Three or five years ago, TVs for watching sports or action movies were hard to come by. This is due to fast moving scenes and the inability to recreate motion without adding a lot of pixels on the object. Now, the Mitsubishi LT55265 is perfect for the job. This 55-inch model has over-delivered on its promises to take your HDTV viewing experience to the next level.
The LT55265 is contained in an all black cabinet with a glossy, beveled finish. The bottom enclosure houses 18 speakers. Above the speakers is a silver Mitsubishi logo underlined by a blue backlit power indicator strip. The 65-pound cabinet sits on a rectangular black plastic base that is very sturdy but lacks swivel motion.
At the right side of the set, you have the Power, Input Select, Channel, and Volume buttons. On the opposite side, you have the component A/V jacks, two USB ports, and three HDMI ports, making connecting various devices easy and painless, especially when the TV is mounted on a wall. At the back, there is a small recessed portion which holds the TV (cable/antenna) and IR remote port, one additional HDMI port, one set of component A/V ports, and an Ethernet jack.
When it comes to performance, the Mitsubishi LT55265 performed really well. Out of the box, the colors tend to be dull, but with a bit of tweaking, colors are bright and pop right out of your screen. As for sound, the LT55265’s is surprisingly amazing. As mentioned, there are 18 tiny speakers along the bottom of the set to simulate a 5.1 surround-sound system. You can even opt not to get a separate sound system with the LT55265.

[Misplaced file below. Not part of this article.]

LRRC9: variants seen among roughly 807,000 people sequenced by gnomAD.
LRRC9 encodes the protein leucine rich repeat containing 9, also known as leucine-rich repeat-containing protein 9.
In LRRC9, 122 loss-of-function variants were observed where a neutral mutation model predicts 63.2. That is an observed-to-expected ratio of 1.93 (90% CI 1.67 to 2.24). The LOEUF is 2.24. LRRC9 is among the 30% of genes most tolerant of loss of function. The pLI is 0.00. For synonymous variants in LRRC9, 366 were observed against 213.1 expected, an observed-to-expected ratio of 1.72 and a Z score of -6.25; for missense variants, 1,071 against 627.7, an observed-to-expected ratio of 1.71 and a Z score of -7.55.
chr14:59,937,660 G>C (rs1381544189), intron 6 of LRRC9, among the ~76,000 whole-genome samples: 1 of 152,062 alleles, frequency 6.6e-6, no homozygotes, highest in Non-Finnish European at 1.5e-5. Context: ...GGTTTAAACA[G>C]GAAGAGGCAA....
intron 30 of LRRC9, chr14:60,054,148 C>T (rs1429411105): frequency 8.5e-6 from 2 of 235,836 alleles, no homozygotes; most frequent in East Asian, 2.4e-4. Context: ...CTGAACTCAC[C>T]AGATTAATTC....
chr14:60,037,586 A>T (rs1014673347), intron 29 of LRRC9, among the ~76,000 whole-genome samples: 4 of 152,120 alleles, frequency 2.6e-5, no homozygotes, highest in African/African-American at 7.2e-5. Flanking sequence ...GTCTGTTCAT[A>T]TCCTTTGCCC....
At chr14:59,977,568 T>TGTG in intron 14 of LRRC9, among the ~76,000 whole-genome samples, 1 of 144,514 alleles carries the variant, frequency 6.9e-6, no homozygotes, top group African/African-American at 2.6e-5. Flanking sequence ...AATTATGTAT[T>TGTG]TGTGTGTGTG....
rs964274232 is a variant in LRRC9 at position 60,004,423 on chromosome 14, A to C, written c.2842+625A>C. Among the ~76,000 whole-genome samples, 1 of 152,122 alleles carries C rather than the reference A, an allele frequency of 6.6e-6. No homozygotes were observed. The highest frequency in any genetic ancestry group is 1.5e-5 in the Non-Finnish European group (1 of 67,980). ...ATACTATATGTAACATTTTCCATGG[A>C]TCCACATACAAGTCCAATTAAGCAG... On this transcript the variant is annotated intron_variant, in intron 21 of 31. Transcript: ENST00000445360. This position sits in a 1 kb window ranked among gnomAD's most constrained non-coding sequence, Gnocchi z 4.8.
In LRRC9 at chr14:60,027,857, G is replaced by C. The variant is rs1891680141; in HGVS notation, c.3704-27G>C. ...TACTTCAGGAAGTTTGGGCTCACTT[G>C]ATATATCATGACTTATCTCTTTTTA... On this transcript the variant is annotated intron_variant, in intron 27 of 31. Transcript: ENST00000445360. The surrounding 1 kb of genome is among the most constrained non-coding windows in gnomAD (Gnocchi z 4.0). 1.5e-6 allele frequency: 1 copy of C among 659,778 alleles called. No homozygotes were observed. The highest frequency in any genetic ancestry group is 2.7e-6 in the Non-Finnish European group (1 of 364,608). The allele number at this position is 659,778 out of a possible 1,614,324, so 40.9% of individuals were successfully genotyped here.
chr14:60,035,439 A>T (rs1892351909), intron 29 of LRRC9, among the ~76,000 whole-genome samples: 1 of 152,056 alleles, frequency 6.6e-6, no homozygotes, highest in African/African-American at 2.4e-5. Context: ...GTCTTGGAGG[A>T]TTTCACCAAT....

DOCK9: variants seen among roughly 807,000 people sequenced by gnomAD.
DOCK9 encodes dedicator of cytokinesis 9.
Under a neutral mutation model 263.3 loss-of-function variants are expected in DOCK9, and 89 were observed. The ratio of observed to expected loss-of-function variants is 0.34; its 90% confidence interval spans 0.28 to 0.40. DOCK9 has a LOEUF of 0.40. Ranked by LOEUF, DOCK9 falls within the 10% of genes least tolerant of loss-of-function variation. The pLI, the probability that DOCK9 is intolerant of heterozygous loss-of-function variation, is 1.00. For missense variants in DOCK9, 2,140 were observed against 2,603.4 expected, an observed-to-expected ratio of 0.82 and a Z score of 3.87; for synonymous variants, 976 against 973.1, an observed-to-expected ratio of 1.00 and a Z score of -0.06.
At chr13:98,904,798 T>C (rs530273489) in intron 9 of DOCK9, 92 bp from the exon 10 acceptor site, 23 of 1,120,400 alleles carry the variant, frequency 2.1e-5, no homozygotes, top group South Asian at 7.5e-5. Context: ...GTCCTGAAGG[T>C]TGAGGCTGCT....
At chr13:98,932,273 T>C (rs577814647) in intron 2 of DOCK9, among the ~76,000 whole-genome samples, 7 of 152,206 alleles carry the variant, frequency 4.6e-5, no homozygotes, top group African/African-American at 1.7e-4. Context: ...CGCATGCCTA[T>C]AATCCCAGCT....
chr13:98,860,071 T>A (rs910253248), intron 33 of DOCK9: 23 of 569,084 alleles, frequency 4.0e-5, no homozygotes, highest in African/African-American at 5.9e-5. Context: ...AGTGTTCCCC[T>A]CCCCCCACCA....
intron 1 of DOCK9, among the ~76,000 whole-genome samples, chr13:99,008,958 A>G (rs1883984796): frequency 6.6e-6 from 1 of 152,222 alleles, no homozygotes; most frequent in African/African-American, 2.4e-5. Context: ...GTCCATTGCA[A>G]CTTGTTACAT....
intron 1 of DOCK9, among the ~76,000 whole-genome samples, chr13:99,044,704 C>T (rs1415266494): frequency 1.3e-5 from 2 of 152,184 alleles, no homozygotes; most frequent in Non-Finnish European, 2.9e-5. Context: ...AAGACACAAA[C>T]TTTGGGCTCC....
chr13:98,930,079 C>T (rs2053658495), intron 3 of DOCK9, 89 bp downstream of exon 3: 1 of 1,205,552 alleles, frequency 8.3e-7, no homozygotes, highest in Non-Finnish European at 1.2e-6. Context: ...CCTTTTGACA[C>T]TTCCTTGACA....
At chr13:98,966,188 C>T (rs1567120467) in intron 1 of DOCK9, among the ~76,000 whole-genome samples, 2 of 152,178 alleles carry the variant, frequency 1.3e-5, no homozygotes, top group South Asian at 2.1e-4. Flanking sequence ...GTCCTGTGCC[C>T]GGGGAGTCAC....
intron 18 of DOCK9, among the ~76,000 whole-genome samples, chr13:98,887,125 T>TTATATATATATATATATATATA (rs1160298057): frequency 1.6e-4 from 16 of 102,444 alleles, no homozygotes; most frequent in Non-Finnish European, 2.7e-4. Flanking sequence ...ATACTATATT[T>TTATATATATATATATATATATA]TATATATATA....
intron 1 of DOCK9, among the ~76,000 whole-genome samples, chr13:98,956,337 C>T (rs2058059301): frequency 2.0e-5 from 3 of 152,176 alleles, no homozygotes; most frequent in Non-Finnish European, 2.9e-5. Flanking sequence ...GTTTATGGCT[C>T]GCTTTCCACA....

The Mitsubishi LT55265 also integrates an 802.11n radio for wireless Web connectivity. Once connected, you get web applications like Facebook, Flickr, Fox News Flash, Picasa, Rachel Maddow, Sesame Street, Wikipedia, and YouTube, and of course, Vudu Movies.
You can also plug in a flash drive on the LT55265. You can view JPEGs and listen to MP3s. But, it doesn’t support any video format so you can’t watch anything from your flash drive. You can combine JPEGs and MP3s into a slideshow with music.